“Building consensus can be one of the steps in creating change. If you make it the first one, be prepared to jump over it.” RJS

“Building consensus can be one of the steps in creating change. If you make it the first one, be prepared to jump over it.” RJS

by Ray Stasieczko April 13, 2016

“Building consensus can be one of the steps in creating change. If you make it the first one, be prepared to jump over it.” RJS

Those who pride themselves in their abilities to create change have many things in common. I believe the overwhelming consensus is, they don’t seek consensus. When organizations understand the old way is no longer acceptable, they begin a journey towards change. Good leadership understands - it’s when things are good that it is the time to look for ways of improvement. Most organizations do it backwards; they ride the wave of everything’s great, ignoring the fact that sooner than later, they will land on the beach. Whether or not they get back on the surf board depends on how hard they landed.

“Riding on the wave of everything’s great is a short trip unless you’re delusional.” 

When we wait for the problem to address the changes needed in solving it, we end up fighting the status quo; we struggle with needing consensus, and we begin pushing a cart up hill. The impending doom of the disruptions we encounter causes any esprit de corps we may have to crumble. All these things begin a dysfunctional journey through “approval before action” consensus building. This mindset must be the change agents’ first objective to destroy.  

Organizations have leaders for a reason - to lead - not to seek approval to lead. I will admit that having a team onboard is imperative to moving forward. However, needing to get the team onboard is a cultural problem, a leadership fault, which is caused when organizations become root bound.  When leaders become complacent in the way things are, their memories of the past block their vision of the future.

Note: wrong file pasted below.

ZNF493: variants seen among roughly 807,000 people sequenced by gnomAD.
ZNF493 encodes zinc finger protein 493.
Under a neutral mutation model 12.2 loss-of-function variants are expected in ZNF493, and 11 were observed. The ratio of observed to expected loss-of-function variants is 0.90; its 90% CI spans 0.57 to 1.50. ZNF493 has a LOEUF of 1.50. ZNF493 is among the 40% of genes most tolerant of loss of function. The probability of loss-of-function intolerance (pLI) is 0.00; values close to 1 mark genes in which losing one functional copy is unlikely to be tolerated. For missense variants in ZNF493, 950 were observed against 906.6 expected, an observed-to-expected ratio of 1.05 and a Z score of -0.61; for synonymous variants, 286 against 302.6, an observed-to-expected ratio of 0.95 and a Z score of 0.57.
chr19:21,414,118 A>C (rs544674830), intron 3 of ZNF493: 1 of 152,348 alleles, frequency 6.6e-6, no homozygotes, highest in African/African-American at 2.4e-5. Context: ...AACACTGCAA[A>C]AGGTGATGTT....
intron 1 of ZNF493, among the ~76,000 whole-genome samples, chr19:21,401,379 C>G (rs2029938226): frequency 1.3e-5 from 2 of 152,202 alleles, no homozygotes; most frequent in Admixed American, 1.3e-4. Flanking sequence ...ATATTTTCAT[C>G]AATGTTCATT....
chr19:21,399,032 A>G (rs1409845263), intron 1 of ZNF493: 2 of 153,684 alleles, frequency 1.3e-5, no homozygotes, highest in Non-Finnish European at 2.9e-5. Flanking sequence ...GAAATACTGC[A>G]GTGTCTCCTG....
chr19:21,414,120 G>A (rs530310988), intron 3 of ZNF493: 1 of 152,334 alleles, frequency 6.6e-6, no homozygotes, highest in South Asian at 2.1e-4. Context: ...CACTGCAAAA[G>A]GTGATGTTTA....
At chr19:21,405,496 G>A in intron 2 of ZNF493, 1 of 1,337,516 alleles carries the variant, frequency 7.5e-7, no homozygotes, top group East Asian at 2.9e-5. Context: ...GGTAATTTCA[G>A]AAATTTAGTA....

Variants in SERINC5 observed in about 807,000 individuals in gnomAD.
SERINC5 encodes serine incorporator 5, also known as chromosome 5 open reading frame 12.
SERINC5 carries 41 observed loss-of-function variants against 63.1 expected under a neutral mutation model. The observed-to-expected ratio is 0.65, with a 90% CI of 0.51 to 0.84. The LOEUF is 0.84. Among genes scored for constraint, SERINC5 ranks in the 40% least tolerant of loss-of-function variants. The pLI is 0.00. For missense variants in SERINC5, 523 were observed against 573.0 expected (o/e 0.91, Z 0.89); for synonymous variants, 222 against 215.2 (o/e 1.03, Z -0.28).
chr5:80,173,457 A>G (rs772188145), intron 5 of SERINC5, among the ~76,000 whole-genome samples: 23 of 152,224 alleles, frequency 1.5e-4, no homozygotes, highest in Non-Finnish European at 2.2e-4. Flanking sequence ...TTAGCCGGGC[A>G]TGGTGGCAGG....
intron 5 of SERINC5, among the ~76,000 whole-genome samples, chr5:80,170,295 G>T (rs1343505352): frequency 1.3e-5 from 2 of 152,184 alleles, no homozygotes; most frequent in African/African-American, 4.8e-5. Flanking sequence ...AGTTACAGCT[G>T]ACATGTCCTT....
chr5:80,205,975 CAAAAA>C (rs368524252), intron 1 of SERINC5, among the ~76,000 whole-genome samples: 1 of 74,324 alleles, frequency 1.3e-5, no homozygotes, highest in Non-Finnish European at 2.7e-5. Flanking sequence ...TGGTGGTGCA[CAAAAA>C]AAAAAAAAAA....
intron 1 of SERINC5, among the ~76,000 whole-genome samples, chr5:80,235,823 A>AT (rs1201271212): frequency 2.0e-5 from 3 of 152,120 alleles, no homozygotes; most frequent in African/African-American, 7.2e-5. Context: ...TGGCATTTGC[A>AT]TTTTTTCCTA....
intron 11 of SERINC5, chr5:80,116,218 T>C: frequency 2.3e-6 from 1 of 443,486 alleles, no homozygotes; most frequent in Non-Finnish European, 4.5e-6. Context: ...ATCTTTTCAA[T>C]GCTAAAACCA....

“Building consensus can be one of the steps in creating change. If you make it the first one, be prepared to jump over it.” RJS

When a leader asks “how do I get buy in?” they are really shifting the blame of procrastination to the team. I would say it’s not buy in you need. It’s giving the team a job description which defines a culture of change awareness. When leadership becomes more focused on getting approval than building a culture which understands - creating change is the only thing that should be status quo. They will always be negotiating buy in.   

Teams with passionate, innovative leadership understand the creation of a better way is their job. They don’t rely on the leader, they accomplish great things because of the leader. This culture is what defines leadership. Great teams understand they must strive for betterment and have a passionate mindset in forward movement. It’s with these traits that allow their organizations prosperity.

R.J. Stasieczko     




Ray Stasieczko
Ray Stasieczko

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